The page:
Surveying technologies have become so user-friendly that many non-surveyors who formerly relied on surveyors are now able to use those technologies to get basic information themselves. It may seem they have bypassed the surveyor. However, even in these situations, the surveyor’s role has not been eliminated. When lacking the surveyor’s training in theory and mathematics, it is hard to spot errors and mistakes that cause flaws in the information. This need presents an opportunity for the surveyor to provide services that enable best practices in data collection and quality assurance. While data collection has become much easier superficially, below the surface it is much more complicated than before. For example, it is easy to visualize and understand a steel tape, compass or transit. They are much closer to the commonplace tools non-surveyors use. By contrast, it is harder to gain the surveyor’s understanding of the potential errors with GPS. Multipath, the effects of the ionosphere, even the principles of redundancy and quality assurance that surveyors use with all their technology is something the untrained user of surveying instrumentation will never completely grasp.

Not all non-surveyors will engage in their own data collection operations merely to save cost. Engineers and natural scientists, who need to collect their own monitoring or verification data, often work with surveying instrumentation. Experts in disciplines such as accounting, risk management and facilities management may have an interest in survey data as well.

A bulldozer equipped with 3D GNSS machine control. GNSS can increase productivity and reduce fuel consumption in earthmoving applications.

Although GIS has matured in terms of technology and uptake by planners, scientists, construction professionals, engineers and facility managers, among others, it will prove to be an opportunity for the surveyor in the future if the surveyor takes the first step. The properly prepared surveyor can offer expertise in several areas, including provision of backdrop data from orthophotos to DTMs, data collection for populating and updating the GIS, quality assurance and data management and analysis. The ability to plan with a GIS and to use it to understand ongoing processes is a huge opportunity for a geo-data manager. Extracting new information and knowledge from existing datasets is a core role that surveyors can provide to those who manage the land and what’s on it. And as the data users insist on speedier data collection and generation of useful information, it becomes imperative to be prepared with analysis tools for managing, verifying and interpreting this vast volume of data.

A key challenge for the surveyor, even with well-developed technology to assist, will be in communicating the information to the users. Surveyors can present information using a variety of media including static and dynamic visualizations. In addition to 3D representations, data displays can incorporate other dimensions such as cost, profitability, schedule and levels of project risk.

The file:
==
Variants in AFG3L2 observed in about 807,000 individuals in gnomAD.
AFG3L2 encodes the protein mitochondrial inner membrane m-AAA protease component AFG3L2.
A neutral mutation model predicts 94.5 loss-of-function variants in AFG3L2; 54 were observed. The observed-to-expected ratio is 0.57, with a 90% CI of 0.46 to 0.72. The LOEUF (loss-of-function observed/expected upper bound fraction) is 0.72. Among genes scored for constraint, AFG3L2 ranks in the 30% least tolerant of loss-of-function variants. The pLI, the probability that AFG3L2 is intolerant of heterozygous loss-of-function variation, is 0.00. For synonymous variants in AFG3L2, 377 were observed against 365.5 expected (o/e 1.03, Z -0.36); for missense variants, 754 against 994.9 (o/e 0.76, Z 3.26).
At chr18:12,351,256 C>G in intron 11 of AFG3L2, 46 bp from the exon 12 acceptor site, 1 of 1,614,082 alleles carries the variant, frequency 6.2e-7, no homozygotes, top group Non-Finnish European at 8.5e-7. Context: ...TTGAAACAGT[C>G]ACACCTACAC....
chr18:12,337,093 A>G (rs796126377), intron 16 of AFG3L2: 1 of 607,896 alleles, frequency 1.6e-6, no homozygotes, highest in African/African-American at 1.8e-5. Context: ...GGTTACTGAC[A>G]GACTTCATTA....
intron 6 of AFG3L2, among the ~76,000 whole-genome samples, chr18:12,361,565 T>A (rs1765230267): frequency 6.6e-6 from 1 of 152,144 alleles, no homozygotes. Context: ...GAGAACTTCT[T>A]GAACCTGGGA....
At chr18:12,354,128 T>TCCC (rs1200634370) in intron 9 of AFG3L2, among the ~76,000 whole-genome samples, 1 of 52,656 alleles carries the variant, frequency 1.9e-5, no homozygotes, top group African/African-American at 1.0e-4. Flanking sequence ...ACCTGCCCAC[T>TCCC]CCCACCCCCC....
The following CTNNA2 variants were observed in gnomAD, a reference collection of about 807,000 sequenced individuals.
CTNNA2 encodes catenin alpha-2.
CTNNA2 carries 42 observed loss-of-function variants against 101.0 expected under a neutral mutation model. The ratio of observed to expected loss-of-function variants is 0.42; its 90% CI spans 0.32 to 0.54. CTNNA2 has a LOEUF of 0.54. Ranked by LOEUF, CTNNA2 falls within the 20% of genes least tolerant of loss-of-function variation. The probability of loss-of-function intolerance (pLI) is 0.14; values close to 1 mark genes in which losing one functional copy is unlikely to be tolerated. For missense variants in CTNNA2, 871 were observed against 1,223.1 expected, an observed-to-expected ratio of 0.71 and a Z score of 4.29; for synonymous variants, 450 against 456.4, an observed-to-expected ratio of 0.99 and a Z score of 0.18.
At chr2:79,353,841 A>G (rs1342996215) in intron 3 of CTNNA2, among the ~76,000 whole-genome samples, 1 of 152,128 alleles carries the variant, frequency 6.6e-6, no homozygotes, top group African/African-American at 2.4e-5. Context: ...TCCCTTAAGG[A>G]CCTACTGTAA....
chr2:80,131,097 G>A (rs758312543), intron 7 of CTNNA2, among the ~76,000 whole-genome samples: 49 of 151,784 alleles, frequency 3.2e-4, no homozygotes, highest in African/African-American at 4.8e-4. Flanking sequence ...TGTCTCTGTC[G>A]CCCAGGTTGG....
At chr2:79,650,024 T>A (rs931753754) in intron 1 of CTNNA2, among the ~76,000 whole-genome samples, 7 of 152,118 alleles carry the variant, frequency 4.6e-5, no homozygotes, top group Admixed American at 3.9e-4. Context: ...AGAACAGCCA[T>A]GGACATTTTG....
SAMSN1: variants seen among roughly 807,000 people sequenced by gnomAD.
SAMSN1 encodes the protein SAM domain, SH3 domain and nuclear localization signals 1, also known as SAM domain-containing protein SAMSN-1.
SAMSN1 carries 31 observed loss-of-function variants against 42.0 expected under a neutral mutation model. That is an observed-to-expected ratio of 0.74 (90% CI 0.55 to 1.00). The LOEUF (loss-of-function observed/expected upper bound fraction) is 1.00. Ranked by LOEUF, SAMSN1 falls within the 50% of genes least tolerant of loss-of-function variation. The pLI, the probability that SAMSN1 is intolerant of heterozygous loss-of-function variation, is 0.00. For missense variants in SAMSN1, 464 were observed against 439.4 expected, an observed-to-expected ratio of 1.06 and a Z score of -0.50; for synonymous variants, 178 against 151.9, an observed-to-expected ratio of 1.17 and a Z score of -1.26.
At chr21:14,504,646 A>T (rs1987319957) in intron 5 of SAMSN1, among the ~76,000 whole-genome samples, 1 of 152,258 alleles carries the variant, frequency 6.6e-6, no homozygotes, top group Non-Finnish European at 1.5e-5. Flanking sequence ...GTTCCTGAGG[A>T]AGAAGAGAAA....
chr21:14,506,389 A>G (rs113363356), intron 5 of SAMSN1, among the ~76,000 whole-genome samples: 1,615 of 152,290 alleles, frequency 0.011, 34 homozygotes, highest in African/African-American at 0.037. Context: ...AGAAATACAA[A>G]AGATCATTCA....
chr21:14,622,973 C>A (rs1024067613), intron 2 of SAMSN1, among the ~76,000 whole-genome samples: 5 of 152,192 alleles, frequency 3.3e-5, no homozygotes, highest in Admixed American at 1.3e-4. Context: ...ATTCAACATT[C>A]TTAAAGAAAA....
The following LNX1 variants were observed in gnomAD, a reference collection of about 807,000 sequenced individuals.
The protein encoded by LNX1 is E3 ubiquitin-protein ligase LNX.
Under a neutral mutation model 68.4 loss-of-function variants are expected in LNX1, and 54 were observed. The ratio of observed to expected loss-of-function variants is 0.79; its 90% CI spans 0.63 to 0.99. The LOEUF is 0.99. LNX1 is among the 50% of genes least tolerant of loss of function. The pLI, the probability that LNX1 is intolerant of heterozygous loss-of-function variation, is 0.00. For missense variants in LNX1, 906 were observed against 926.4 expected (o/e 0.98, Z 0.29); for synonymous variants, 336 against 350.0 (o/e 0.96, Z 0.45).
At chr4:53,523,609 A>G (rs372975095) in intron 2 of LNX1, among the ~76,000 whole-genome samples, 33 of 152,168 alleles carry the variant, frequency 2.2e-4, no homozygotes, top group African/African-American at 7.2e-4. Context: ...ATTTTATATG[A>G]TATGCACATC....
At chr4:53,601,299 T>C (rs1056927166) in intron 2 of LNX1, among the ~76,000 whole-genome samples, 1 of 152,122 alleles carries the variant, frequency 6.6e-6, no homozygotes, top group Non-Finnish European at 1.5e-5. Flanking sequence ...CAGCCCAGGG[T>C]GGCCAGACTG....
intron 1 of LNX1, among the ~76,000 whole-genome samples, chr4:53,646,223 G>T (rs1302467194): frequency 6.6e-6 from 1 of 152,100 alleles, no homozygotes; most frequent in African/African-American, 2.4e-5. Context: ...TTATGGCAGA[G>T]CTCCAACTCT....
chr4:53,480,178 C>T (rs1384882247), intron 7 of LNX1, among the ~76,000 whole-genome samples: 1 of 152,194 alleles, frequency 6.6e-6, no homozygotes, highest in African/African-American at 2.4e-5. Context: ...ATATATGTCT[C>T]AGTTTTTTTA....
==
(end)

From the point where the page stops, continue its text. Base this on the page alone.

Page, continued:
Survey data management combines data from GNSS, total stations, levels and scanning as well as onsite and background imagery. Moving information among stakeholders is a key function of modern surveyors.

Building information modeling is an ongoing area of development, and the surveyor’s contributions will be critical in the future. Engineers, architects, facility managers and construction organizations are quickly embracing BIM. It enables more efficient management of the building life cycle from planning through facility maintenance, repair and rehabilitation. While many stakeholders contribute data to a BIM, surveyors will collect most of the location-specific information. Thus, management of the BIM geo-data is an opportunity for surveyors to collaborate and expand their role in the construction process as design professionals and peers. This type of participation requires the surveyor to see the project from the viewpoint of the construction or facilities managers, and to gain new levels of expertise in the other BIM knowledge areas.

First responders can use BIM to obtain 3D information on buildings and structures. BIM will play a key role in building life-cycle management.

It seems to be a paradox. Surveying sub-specialties will proliferate and narrow, producing highly focused skills and activities. At the same time, in order to be an essential part of the building process, the surveyor of the future must demonstrate a much broader set of multidisciplinary skills. It’s not an unreasonable undertaking. For example, consider a surgeon who specializes in a few cancers. The surgeon is a specialist yet still understands enough about general medicine to be able to communicate ably and knowledgably with colleagues who are other medical specialists. Likewise, the surveyor must have the skills to navigate various cultural and technical barriers as well as the ability to communicate across different knowledge areas, disciplines and customary local processes.

A Trimble VX Spatial Station collects scanning data in a Virginia tunnel. The information is used to compute the thickness of wall coatings.

The world of today’s surveyor will evolve from data collection into geo-data management and information and knowledge extraction. Such a change does not diminish the surveyor’s role. Rather it is an expansion, in which the data collection phase is the foundation for the broader set of skills and services. Such a change requires a mindset change of tomorrow’s surveyor to be a true professional, providing analytical tools and results for clients who require increasingly complex location-based information.

Understanding and embracing these changes is not enough. Individual surveyors, and the societies they belong to, must collaborate with academia, government and industry to achieve common goals and benefits. Together, they need to reinforce the proposition that surveyors are the geo-data managers of the future--and that tomorrow’s professionals are prepared for the challenge through education, training and professional development.